Prime Evils Of Talking About Your Music

Read Time 4 Minutes

How To Not Turn Potential Listeners Off Immediately

You ever come across someone that plays guitar and for the love of God they won’t shut up about it? That’s not so much a problem on itself, but it hinges on what they are saying and before you’ve even so much as heard a single tone from them their jabbering has by then successfully ruined any hint of anticipation you in the least may have been convincing yourself you’re feeling. Have you ever been in a situation like that? It’s unfortunately not a hard one to come by.

As a public service to any reader who might fit into the category of ruining their music before it’s even been heard I’ve put together a small list on capital no-nos for marketing your music. A set of Prime Evils when talking about your music, if you will.

Prime Evil 1: Insulting Yourself

Criminal mastermind Nicholas Tozier alluded to this in his article How To Own Any Stage You Walk Onto in number 7 when he said not to greet the audience with excuses. Therein lies something that goes deeper than just being on stage. Raise your hand if you’ve ever been telling someone about your music and among the first things you mindlessly blurt out “it sucks” just comes flying out like a bat out of hell and, assuming you have any inkling of an attention to detail, you can see the other person’s face contorting as they no doubt think “then why are you telling me about it?”

Think of your words about your music as a verbal resume. The purpose of a resume is to toot your own horn. To make people not only want to hear it, but feel like they need to hear it. If you write down “sucks” right after your name on your resume how many phone calls do you think you’re going to get? You’ll get every bit as many bars and clubs willing to let you perform with that approach.

I’m not saying you need to go above and beyond arrogance. You don’t need to do your impression of Yngwie when talking about your music, but if you ever find yourself insulting your music, then perhaps you should read his interviews and siphon in some of his perspective. The guy has established what? A 3 decade career of the same song over and over? When was the last time you’ve heard him insult any of it? You don’t. Why? Because he’s confident in it.Hang on.

There is only one, and I do mean one situation where it’s ok to tell someone your music sucks. If it’s by design. Only if it’s intentionally supposed to be so bad that people lose sleep for weeks is it ok to use “sucks” as an adjective.

Prime Evil 2: Pointing Out Your Screw Ups

Speaking of things that suck. You know what really sucks? When someone shows you a song and while you’re trying to listen to it they keep pointing out every mistake they made. I pride myself in having a pretty good ear, but it’s a long shot from the best. Some could argue it’s probably only mediocre, but we all know what we like when we hear it and I’m pretty sure no one out there likes the sound of someone’s voice insulting a song in mid-listen just to point out all the fallacies.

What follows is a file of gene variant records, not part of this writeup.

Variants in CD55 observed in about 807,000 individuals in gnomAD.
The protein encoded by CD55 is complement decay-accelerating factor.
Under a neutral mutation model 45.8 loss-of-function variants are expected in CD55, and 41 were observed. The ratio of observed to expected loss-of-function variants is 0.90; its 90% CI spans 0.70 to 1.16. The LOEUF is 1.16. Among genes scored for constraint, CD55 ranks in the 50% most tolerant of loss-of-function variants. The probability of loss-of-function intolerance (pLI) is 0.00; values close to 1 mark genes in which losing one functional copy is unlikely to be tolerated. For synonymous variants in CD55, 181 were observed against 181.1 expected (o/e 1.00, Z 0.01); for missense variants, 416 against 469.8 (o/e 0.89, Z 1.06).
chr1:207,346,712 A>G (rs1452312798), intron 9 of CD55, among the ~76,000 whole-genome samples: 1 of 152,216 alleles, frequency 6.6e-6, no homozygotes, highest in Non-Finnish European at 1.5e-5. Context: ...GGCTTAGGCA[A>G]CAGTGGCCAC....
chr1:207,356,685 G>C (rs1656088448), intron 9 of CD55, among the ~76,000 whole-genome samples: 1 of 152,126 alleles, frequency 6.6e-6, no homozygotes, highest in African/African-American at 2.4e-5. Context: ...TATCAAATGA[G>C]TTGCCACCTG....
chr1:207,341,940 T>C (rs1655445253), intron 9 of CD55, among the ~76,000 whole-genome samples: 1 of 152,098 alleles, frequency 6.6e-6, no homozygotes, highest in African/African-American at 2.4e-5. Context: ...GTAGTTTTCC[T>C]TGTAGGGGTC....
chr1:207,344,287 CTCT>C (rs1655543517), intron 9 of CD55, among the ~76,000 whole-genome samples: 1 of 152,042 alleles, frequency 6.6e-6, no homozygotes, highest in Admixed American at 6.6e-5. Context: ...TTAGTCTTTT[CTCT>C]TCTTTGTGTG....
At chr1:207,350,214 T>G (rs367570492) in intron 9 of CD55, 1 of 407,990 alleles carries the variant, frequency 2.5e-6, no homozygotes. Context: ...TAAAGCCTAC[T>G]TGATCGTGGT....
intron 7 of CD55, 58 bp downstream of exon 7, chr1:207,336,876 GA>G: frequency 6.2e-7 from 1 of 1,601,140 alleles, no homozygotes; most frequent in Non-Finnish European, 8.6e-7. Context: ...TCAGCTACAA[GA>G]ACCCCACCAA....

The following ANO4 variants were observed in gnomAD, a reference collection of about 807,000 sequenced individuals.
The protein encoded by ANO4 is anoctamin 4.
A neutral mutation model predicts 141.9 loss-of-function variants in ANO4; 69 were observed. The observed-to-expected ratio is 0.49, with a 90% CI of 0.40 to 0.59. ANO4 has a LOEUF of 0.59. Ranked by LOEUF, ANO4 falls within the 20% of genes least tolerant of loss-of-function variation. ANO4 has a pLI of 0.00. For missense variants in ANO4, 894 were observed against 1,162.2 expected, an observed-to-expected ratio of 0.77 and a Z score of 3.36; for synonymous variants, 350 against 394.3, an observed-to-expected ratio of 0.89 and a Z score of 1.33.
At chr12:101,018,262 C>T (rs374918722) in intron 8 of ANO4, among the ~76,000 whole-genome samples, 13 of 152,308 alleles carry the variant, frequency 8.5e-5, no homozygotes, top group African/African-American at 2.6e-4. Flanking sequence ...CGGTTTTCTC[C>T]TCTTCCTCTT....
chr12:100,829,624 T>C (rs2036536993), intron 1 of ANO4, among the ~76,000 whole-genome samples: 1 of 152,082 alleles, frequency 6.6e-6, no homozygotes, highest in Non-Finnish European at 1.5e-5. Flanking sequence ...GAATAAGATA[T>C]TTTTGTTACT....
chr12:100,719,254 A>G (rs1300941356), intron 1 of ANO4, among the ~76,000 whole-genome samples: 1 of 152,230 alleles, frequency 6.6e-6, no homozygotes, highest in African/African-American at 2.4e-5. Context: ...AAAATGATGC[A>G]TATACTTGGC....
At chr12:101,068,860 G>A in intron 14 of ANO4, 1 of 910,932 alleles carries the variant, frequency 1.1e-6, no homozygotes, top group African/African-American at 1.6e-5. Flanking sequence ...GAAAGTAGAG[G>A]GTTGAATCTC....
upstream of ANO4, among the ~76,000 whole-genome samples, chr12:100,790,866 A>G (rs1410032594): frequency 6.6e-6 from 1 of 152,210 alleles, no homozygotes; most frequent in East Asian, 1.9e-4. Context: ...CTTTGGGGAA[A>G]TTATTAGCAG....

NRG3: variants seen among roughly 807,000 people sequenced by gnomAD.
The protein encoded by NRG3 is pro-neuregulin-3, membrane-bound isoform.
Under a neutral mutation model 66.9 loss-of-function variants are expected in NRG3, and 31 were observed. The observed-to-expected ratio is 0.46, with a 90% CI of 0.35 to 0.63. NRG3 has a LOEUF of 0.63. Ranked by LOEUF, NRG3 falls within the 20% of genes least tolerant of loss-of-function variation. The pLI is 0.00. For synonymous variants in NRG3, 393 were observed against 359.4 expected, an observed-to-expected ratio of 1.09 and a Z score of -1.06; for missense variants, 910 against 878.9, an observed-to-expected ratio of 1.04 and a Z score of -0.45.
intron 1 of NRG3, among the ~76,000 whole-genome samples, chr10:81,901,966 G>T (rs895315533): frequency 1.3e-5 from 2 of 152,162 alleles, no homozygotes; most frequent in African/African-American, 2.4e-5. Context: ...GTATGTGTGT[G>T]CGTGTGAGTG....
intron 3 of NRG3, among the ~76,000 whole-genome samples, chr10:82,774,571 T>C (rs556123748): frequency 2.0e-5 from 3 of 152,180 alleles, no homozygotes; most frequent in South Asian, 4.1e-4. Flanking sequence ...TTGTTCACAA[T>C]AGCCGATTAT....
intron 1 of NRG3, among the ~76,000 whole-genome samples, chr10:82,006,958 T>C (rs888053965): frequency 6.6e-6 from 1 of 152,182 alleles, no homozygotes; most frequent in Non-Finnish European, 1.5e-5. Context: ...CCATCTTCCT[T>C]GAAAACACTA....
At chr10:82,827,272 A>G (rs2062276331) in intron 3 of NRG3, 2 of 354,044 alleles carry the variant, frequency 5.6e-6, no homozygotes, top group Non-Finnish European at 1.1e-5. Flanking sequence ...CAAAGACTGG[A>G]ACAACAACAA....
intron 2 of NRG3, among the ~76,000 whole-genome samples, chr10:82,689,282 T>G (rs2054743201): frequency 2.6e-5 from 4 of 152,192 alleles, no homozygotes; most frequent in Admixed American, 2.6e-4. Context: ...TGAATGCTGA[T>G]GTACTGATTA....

If you do this bring it to the forefront of your mind and force yourself to stop. It makes the song unlistenable because you’re busy talking and it makes it impossible to hear a second time without thinking “yeah… out a tune aren’t we?”

Unlike saying your music sucks there really isn’t any exception to this… unless talking over your music is part of the artistic expression. If that’s the case have fun finding a solid demographic.

Prime Evil 3: Panicking

You ever get so antsy and anxious expecting an impending screw up? Be it in recording, performing live, auditioning, anything. You’re sitting there, “playing” the guitar, sweating bullets, and you’re lucky to have played as much as you have as well as you have because since you started the song you’ve been worried about that one part about ¾ in and how you always screw it up. And when you get to that part what happens? You screw up.

The cure for this? Lighten up. If you routinely screw up one specific part you simply just need to relax and practice it more. If you’re fine playing it when you’re alone, but you can’t play it for someone so help you God, then yeah. Relaxation is probably your best antidote. Mistakes happen. People accept them. It’s not the end of the world.

As they say if you put your mind to anything you can accomplish it. That goes the other way around too. If you put your mind to screwing up you can expect to see a lot of that happen.

The Moral

There is one principle that governs everything I’ve prattled on about here. Confidence. These are all things that go back to self confidence. They are but a few ways that you ultimately show people, whether you know it or not, that your threshold is decidedly low.

If you’re playing some little ditty you jammed out, covering someone’s song, or playing a full-fledged rock opera you’re playing it and it rocks by default. Simple as that.

Similar Posts:

Kyle Smitchens

Kyle Smitchens is the Guitar-Muse Managing Editor, super hero extraordinaire, and all around great guy. He has been playing guitar since his late teens and writing personal biographies almost as long. An appreciator of all music, his biggest influences include Tchaikovsky, Bach, Mozart, Beethoven, Steve Vai, Therion, and Jon Levasseur of Cryptopsy.

Notify of
1 Comment
Oldest Most Voted
Inline Feedbacks
View all comments
Scott Collins
10 years ago

Cool post Smitch! I would add that not being able to describe what you do to people succinctly will tune them out to what you do rather than bring them in.

Would love your thoughts, please comment.x